A plurality of subsequent printing stages may be provided to place the pattern configuration on the carpet. The number of printing stations involved will depend upon the complexity of the pattern and the degree of embossing. For illustration purposes, three printing stations have been shown in the drawing. At the first printing station 6, the carpet would be printed with a decorative pattern component using a conventional printing ink containing a carpet dye. The carpet would then be passed on to a second printing station 8 which would put on another portion of the pattern. Finally, the carpet would pass on to station 10 which would provide the third phase of the carpet pattern. Here, the printing ink may contain a solvent plus a dye(s) for the fiber of the carpet or just simply a solvent for the carpet fibers. It is obvious that a number of solvent printing steps may be used. The sequence of printing the dye and solvent may be varied.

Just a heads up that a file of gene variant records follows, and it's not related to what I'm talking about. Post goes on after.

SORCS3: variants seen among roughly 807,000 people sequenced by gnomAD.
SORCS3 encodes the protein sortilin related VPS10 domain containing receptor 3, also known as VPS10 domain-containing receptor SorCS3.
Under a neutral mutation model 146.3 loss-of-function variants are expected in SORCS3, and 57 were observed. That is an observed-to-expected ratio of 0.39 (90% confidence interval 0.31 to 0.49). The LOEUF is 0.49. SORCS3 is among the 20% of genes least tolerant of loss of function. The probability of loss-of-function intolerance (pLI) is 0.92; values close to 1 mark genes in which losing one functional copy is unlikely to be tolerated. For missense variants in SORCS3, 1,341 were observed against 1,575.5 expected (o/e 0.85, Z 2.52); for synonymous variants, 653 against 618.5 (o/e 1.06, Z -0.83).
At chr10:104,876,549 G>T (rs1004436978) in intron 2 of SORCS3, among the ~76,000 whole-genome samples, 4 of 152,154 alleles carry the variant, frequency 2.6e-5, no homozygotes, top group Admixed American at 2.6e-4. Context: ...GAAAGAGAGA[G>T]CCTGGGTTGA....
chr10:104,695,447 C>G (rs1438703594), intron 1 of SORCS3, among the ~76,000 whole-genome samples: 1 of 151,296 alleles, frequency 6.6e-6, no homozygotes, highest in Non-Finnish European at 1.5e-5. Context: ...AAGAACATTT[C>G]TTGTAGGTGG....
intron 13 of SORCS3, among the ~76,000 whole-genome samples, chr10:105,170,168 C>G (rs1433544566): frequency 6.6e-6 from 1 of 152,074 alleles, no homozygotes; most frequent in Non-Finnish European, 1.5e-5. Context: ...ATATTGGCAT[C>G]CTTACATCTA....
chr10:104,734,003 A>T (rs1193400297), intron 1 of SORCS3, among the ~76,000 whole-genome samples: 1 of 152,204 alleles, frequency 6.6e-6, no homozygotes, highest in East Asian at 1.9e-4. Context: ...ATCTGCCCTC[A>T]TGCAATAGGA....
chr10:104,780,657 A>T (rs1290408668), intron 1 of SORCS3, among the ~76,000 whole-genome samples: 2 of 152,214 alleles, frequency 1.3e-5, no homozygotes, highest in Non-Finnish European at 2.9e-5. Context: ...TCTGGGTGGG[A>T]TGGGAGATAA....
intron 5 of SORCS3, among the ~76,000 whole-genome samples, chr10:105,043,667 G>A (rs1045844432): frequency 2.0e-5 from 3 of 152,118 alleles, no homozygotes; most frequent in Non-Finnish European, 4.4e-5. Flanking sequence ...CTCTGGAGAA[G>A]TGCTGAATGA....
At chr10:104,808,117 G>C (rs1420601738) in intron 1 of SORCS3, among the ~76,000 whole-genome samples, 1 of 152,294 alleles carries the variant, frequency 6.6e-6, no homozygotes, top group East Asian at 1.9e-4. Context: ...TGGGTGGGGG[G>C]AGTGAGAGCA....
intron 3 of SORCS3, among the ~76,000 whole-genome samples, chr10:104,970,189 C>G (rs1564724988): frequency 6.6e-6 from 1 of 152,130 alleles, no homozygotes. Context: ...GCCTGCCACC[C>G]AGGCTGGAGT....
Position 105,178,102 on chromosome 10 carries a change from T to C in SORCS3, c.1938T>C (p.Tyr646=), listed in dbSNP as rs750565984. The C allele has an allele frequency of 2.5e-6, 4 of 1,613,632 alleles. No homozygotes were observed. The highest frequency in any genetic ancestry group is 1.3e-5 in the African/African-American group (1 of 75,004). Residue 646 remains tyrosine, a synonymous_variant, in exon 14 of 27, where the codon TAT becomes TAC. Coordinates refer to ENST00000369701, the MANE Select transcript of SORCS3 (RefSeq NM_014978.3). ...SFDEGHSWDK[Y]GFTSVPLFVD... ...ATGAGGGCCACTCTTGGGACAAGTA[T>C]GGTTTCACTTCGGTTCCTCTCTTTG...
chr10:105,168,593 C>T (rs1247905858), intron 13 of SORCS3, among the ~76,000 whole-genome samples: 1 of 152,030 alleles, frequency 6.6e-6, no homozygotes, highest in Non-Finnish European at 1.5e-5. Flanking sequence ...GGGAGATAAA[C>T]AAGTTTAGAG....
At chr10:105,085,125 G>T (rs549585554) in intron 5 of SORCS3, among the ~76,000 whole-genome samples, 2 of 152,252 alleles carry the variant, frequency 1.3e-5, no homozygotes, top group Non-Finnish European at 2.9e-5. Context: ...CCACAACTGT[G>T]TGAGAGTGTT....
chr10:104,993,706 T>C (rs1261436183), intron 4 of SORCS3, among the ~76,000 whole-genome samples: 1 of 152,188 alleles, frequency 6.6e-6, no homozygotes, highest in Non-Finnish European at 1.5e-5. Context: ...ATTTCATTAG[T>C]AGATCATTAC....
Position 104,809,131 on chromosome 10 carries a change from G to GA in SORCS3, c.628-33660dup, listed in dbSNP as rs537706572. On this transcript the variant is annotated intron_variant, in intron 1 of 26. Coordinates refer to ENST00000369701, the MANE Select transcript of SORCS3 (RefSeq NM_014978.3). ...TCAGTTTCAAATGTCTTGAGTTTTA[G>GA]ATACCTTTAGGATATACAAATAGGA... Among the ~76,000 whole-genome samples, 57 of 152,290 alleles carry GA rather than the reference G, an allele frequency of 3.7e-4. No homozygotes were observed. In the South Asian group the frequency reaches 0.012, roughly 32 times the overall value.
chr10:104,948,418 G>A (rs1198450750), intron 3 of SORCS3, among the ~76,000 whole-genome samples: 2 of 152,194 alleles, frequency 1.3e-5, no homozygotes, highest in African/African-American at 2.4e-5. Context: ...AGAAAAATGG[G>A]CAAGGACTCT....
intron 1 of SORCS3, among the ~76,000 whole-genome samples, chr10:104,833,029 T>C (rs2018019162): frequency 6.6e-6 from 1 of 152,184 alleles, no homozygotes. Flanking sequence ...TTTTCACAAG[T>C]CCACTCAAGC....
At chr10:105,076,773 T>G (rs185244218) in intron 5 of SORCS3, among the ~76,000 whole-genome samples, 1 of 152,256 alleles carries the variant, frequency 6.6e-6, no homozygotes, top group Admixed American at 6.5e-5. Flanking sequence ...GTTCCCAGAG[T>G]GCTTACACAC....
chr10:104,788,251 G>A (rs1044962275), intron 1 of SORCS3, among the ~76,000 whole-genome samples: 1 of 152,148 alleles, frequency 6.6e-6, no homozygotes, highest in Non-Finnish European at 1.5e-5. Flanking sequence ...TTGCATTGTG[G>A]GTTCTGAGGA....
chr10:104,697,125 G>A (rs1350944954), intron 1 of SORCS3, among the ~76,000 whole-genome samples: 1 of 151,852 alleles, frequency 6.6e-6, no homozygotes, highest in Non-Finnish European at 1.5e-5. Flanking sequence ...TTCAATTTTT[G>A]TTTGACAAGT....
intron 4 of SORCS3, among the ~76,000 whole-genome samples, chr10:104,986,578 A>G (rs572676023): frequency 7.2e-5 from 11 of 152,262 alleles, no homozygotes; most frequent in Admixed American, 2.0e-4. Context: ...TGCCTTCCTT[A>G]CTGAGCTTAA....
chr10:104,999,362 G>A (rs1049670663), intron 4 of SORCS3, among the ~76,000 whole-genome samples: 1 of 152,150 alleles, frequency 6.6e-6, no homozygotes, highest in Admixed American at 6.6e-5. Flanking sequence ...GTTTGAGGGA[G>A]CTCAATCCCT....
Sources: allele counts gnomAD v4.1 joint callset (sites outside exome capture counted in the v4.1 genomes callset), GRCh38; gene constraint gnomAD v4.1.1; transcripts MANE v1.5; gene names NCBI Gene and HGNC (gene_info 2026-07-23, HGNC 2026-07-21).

Normally, the printing stations would be flat bed screen printers such as are conventional in the art. Rotary screen printers or other suitable devices may be used. The carpet would move with an intermittent operation being indexed from one station to the next and would be inherently in registry. Machines capable of this work are similar to those set forth in the Zimmer U.S. Pat. No. 3,495,285. After all the printing and dyeing operations are performed, the carpet then passes to a steam chamber 12 in which steam in a temperature range of 212 applied to the carpet. Under the effects of the steam, the dye will develop or set on the fibers. In addition, and of particular importance, is that under the effects of the steam, the fibers in the area treated with the solvent will shrink and to a degree dissolve to produce an embossed effect in the printed area. The carpet then passes on to a conventional wash tank 14 through which the carpet passes to remove the residual printing ink and any other residual chemicals which may remain in the carpet. The carpet then passes on to conventional drying structure 16 which evaporates the wash water from the carpet in the usual manner. The carpet coming out of the dryer has a good hand, and the appearance obtained in the embossed area is that of a fibrous material. The loft of the carpet is maintained, the embossed areas are particularly pleasing in appearance, and the pattern components are in complete register.